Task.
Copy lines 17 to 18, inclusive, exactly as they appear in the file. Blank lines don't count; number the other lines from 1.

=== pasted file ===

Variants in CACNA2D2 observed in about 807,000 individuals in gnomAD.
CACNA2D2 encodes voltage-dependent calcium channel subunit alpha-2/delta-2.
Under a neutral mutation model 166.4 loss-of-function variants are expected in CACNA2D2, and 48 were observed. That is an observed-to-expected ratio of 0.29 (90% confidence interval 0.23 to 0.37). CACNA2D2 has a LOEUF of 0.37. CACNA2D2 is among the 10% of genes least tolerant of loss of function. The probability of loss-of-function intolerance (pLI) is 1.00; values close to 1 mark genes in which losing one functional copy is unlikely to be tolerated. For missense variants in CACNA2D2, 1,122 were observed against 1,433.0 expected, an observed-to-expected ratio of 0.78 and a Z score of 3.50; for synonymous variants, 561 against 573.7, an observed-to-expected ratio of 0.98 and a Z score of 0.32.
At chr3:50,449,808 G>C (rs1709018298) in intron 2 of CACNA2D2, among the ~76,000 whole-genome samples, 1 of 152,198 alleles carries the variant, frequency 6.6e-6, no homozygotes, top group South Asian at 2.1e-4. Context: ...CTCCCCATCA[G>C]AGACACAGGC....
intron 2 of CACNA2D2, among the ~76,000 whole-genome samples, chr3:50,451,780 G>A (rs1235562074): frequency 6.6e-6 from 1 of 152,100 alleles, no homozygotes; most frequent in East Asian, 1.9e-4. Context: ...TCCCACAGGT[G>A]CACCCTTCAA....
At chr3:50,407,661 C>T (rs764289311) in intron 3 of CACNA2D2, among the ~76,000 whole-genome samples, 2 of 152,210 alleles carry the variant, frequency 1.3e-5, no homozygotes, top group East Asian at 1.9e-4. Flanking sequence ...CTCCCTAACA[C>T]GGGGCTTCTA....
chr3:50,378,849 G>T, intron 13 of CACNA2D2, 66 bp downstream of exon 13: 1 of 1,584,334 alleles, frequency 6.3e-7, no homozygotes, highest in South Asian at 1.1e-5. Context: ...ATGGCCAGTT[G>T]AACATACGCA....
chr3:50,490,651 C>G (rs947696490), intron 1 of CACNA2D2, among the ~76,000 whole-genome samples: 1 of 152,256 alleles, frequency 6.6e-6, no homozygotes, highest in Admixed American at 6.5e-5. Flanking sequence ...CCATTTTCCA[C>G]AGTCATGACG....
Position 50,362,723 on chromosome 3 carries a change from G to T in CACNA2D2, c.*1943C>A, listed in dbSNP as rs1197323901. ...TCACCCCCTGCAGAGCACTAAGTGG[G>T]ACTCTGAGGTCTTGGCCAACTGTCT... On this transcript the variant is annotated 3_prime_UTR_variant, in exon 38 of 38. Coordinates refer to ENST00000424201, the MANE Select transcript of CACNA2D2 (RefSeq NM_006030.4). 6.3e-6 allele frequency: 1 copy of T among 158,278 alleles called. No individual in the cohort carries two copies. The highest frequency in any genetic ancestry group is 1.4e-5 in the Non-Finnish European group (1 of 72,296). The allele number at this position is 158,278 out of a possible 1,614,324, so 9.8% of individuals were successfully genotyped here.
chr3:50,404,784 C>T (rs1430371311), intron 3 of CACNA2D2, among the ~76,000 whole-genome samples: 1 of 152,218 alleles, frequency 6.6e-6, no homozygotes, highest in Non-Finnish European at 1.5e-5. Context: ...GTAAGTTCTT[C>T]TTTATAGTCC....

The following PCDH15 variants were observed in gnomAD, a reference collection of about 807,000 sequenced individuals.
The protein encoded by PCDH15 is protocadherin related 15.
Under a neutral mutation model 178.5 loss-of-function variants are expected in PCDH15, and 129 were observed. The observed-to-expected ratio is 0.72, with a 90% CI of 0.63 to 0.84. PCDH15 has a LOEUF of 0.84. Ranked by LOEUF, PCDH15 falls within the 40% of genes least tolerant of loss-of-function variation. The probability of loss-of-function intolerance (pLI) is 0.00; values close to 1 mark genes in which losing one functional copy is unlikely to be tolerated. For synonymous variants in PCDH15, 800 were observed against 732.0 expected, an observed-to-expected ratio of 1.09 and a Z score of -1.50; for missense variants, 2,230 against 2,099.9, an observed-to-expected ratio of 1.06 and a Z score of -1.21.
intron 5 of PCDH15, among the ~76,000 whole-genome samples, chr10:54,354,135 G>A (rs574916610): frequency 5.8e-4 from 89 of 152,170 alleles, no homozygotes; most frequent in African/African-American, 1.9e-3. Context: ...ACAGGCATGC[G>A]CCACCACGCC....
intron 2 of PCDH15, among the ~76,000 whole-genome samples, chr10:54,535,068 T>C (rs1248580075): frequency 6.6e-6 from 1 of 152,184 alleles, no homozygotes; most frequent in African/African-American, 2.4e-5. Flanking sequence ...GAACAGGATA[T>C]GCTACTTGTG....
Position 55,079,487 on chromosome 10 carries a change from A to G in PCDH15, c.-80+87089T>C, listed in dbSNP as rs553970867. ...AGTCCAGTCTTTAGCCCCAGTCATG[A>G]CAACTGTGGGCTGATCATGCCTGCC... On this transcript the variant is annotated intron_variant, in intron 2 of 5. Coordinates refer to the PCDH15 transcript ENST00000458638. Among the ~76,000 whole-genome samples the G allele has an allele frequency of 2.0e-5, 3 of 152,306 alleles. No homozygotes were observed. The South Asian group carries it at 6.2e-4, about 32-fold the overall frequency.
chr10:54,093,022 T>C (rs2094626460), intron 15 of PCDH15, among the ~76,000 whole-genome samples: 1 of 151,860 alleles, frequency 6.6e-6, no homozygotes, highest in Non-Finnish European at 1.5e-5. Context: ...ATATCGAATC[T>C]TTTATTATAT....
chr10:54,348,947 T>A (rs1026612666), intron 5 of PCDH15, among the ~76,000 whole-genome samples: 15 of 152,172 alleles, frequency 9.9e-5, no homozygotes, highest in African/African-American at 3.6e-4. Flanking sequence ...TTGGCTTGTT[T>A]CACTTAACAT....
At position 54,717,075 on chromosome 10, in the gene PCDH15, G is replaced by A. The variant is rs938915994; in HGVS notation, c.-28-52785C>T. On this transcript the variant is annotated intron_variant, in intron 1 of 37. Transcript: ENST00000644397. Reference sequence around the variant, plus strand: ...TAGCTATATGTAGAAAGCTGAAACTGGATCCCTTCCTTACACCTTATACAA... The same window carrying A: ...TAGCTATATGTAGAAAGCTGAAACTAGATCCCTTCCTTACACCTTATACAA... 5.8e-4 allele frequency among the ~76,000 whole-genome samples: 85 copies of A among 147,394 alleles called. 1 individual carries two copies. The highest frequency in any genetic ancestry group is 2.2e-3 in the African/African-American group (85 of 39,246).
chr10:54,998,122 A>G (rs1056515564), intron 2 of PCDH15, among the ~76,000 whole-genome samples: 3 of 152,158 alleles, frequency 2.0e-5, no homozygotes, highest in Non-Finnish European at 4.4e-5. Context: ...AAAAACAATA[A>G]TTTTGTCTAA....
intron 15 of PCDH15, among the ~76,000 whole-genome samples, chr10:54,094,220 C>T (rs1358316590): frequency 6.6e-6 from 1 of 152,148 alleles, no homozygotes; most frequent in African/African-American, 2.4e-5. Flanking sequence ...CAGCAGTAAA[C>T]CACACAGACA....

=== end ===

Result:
chr10:54,093,022 T>C (rs2094626460), intron 15 of PCDH15, among the ~76,000 whole-genome samples: 1 of 151,860 alleles, frequency 6.6e-6, no homozygotes, highest in Non-Finnish European at 1.5e-5. Context: ...ATATCGAATC[T>C]TTTATTATAT....
chr10:54,348,947 T>A (rs1026612666), intron 5 of PCDH15, among the ~76,000 whole-genome samples: 15 of 152,172 alleles, frequency 9.9e-5, no homozygotes, highest in African/African-American at 3.6e-4. Flanking sequence ...TTGGCTTGTT[T>A]CACTTAACAT....